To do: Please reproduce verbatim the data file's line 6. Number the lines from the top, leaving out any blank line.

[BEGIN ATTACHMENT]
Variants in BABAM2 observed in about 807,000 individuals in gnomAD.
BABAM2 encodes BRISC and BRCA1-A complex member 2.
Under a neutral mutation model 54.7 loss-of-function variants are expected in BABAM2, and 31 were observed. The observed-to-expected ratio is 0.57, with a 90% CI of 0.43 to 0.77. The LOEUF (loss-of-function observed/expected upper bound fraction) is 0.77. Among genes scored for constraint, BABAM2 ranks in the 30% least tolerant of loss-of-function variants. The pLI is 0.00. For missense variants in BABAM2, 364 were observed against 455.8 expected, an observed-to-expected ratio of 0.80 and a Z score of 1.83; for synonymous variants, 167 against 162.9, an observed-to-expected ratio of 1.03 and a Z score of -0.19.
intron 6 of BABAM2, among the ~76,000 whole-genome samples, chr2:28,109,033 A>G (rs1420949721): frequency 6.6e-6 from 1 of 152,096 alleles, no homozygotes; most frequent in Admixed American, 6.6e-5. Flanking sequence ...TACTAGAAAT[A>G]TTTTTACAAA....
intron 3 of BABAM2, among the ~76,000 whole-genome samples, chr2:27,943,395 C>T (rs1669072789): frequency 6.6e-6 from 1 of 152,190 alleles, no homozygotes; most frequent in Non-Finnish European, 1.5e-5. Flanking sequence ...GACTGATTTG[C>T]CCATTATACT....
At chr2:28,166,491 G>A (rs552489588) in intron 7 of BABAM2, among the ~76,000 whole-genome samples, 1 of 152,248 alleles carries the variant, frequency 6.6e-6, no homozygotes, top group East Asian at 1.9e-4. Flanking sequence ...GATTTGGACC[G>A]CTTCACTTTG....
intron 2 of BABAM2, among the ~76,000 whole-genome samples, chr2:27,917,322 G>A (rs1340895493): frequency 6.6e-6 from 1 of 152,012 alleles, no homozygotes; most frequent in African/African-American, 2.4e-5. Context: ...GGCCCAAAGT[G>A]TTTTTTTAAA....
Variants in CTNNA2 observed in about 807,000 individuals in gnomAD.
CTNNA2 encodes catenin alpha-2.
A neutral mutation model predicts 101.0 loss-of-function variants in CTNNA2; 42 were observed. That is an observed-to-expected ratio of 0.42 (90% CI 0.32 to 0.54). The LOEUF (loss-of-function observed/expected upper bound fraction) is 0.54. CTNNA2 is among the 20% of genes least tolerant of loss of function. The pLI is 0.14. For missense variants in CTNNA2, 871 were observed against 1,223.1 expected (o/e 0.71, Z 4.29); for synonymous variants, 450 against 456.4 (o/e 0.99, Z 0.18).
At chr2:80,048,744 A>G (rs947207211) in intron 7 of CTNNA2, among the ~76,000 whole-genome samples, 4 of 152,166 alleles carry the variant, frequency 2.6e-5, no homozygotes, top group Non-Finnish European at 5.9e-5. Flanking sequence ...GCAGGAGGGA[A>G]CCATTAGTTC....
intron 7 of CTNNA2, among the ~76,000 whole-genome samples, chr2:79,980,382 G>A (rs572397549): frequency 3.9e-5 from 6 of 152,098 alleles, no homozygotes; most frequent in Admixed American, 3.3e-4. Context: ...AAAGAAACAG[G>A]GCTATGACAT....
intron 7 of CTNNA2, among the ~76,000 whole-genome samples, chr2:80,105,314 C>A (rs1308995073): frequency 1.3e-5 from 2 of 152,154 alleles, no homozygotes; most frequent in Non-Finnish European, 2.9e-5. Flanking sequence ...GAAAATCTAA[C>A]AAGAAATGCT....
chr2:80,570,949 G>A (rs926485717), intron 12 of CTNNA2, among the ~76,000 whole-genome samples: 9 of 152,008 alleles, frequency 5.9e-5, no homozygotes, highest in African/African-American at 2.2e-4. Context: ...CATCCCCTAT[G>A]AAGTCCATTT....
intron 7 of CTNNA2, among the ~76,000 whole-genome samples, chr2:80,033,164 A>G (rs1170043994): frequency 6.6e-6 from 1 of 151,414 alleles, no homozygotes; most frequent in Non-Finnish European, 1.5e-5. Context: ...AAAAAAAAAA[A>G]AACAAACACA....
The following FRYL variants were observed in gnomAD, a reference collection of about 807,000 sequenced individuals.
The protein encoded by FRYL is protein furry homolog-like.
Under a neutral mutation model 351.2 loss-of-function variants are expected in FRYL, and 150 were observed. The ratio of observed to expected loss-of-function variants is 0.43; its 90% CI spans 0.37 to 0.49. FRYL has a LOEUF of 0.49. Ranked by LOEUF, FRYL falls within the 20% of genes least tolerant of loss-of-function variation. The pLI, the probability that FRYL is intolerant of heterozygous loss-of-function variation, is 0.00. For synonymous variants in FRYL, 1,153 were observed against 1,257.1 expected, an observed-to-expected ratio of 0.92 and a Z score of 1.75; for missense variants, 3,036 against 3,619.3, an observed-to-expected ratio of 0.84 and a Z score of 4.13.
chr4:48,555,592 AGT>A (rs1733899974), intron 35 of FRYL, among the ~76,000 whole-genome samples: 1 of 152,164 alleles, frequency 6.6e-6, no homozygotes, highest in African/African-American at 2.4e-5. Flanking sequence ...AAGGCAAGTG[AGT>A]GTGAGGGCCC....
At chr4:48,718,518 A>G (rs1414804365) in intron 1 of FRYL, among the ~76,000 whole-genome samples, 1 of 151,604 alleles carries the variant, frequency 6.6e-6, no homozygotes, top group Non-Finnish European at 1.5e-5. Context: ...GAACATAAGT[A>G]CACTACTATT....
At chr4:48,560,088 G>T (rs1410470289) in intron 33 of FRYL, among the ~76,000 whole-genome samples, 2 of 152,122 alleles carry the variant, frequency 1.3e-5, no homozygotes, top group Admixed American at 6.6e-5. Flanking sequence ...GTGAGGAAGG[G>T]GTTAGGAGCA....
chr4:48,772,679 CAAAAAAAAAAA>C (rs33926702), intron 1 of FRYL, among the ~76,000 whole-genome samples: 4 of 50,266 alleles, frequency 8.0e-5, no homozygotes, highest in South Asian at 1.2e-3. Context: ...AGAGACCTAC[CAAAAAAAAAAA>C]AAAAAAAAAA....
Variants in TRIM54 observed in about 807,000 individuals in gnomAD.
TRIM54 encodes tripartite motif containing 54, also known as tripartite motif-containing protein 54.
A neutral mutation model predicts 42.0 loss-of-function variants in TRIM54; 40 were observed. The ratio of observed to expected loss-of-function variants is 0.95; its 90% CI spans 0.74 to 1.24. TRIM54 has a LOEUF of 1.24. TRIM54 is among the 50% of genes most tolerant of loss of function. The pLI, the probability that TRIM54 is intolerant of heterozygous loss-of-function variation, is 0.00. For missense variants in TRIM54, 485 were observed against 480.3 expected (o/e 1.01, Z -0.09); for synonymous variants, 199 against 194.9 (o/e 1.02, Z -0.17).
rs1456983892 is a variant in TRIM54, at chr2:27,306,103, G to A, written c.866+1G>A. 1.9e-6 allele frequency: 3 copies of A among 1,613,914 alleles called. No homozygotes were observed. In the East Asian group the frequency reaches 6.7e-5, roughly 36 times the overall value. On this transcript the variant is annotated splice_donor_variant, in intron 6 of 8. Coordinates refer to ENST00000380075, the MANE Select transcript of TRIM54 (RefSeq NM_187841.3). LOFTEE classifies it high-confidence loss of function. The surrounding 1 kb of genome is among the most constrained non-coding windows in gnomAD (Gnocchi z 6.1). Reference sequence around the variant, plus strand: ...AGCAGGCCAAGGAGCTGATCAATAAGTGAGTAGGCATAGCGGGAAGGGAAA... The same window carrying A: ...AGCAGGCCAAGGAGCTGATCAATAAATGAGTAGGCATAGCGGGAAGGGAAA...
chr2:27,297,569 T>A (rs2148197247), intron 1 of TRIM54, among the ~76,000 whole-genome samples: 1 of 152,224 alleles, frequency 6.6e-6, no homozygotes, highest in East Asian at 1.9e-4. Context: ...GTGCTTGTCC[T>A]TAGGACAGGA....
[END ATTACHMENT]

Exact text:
At chr2:28,166,491 G>A (rs552489588) in intron 7 of BABAM2, among the ~76,000 whole-genome samples, 1 of 152,248 alleles carries the variant, frequency 6.6e-6, no homozygotes, top group East Asian at 1.9e-4. Flanking sequence ...GATTTGGACC[G>A]CTTCACTTTG....